Today’s orders list provided an especially clear instance of an attempted Supreme Court signal. In Hittson v. Chatman, Justice Ginsburg, joined by Justice Kagan, concurred in the Court’s denial of certiorari in a habeas matter. In effect, Ginsburg told the Eleventh Circuit how to rule in a pending case. But as with many other potential signals, Ginsburg’s message should perhaps be taken with a grain of salt.
The basic issue involves AEDPA deference “when the last state court to reject a prisoner’s claim issues only an unexplained order.” In a 1991 case called Ylst v. Nunnemaker, the Court held that federal habeas courts could assume that a summary state-court ruling rests on the same grounds as the reasoned decision it affirms. But that “look through” approach is in tension with a more recent case, Harrington v. Richter, which held that, in certain circumstances, federal habeas courts must hypothesize potential justifications for summary ruling by state courts. According to Justice Ginsburg, “The Eleventh Circuit plainly erred in discarding Ylst.”
Having providing a couple pages of careful analysis criticizing the Eleventh Circuit’s ruling, Justice Ginsburg appended this conclusion:
Although the Eleventh Circuit clearly erred in declining to apply Ylst, I concur in the denial of certiorari. The District Court did “look through” to the last reasoned state-court opinion, and for the reasons given by that court, I am convinced that the Eleventh Circuit would have reached the same conclusion had it properly applied Ylst. See Hittson v. Humphrey, 2012 WL 5497808, *17– *25 (MD Ga., Nov. 13, 2012). Moreover, an en banc rehearing petition raising the Ylst issue is currently pending before the Eleventh Circuit. See Wilson v. Warden, No. 14–10681. That petition affords the Eleventh Circuit an opportunity to correct its error without the need for this Court to intervene.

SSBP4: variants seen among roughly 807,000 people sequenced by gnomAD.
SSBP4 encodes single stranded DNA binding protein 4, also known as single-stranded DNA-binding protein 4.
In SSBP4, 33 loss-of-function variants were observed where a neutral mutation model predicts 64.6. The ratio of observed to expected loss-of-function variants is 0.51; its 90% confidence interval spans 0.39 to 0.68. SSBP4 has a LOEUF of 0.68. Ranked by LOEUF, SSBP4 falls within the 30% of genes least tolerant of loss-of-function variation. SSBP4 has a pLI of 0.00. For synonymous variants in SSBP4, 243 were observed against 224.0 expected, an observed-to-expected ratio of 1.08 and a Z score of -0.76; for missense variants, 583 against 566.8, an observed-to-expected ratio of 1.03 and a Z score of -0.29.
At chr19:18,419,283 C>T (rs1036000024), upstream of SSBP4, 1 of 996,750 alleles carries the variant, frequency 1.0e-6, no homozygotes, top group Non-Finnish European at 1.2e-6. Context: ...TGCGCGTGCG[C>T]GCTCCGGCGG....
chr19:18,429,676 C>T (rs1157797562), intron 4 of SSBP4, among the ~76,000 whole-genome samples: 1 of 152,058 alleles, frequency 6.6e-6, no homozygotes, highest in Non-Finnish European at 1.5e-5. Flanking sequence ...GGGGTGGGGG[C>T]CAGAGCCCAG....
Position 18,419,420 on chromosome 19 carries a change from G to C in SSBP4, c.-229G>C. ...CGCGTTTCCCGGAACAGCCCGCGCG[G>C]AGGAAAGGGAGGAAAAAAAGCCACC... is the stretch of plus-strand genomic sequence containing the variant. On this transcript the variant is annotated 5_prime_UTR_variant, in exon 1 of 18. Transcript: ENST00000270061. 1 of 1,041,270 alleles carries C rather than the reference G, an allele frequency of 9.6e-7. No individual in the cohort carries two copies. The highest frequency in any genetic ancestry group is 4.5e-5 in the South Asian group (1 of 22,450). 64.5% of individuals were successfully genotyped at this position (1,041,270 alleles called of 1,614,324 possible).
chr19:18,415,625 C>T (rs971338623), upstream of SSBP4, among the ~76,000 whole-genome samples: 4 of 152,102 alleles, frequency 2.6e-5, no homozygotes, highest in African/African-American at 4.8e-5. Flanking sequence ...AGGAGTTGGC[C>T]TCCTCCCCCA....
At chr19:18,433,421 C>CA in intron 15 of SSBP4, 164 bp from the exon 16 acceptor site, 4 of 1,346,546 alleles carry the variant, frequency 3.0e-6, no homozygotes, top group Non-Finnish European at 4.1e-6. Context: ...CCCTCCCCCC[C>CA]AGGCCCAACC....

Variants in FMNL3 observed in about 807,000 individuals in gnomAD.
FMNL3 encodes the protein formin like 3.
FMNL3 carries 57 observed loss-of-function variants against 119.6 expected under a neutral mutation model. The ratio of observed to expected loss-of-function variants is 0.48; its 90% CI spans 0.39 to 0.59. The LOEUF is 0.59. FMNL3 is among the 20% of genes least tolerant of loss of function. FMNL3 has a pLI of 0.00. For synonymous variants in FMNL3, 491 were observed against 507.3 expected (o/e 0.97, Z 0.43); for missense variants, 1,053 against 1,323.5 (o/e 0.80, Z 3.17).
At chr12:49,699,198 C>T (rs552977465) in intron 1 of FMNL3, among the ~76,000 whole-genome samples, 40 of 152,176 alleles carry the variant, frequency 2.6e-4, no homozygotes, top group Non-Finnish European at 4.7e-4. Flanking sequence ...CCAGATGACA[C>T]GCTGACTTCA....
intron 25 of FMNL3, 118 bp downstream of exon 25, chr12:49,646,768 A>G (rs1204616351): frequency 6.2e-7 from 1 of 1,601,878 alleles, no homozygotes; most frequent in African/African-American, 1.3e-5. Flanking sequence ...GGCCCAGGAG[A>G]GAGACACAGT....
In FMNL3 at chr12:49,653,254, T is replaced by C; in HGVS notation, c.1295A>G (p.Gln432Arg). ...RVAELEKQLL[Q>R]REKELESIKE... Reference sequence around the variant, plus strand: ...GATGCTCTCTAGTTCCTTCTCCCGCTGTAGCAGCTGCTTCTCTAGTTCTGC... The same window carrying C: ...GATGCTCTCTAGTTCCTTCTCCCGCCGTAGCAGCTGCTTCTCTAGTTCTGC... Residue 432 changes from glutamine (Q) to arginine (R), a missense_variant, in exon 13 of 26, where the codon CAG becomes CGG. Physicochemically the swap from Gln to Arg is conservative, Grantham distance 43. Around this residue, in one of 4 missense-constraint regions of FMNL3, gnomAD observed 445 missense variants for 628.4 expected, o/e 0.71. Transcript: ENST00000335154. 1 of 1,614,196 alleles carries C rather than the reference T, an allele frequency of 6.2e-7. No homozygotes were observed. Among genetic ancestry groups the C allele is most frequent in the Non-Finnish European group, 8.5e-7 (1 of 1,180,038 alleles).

This is a pretty clear attempt at sending what I’ve been calling a signal. Without going through the delay and hassle of issuing a conventional precedent on the merits, Justice Ginbsurg has fairly explicitly told the Eleventh Circuit what to do in a pending case. From one standpoint, Ginsburg’s opinion can be viewed as an irregularly filed amicus brief in support of en banc in the Eleventh Circuit. But she actually did more than that, since she also strongly suggested that, if en banc reversal isn’t forthcoming, then she and at least one additional colleague will be prepared to vote for certiorari in that very case.
Yet it’s hard not to notice that the only two justices who participated in this signal—Ginsburg and Kagan—were also the only two justices who didn’t join the Court’s opinion in Richter. (Justice Ginsburg concurred in the judgment and Justice Kagan didn’t participate in the case at all.) So the Eleventh Circuit will have to consider whether it should take Ginsburg’s attempted signal with a grain of salt. Perhaps Richter enthusiasts on the Court think that the Eleventh Circuit has it exactly right. Perhaps they even hope that Ylst will be narrowed from below in more circuits or, if cert is granted, overruled.
Hittson is interesting in part because it provides a small test of how signaling might work out in practice. Will the Eleventh Circuit comply–and acknowledge that Justice Ginsburg’s opinion influenced its decision to do so? Or, if the Eleventh Circuit sticks to its guns, will the Court actually grant cert and reverse?
It’s also interesting to wonder what the other justices thought of Justice Ginsburg’s concurrence in the denial of certiorari. Did any consider joining or responding to it, or does their silence evince open-mindedness on the issue? Before the term ends, perhaps we’ll see a signaling opinion that prompts a counter-signal.
First posted on Prawfs.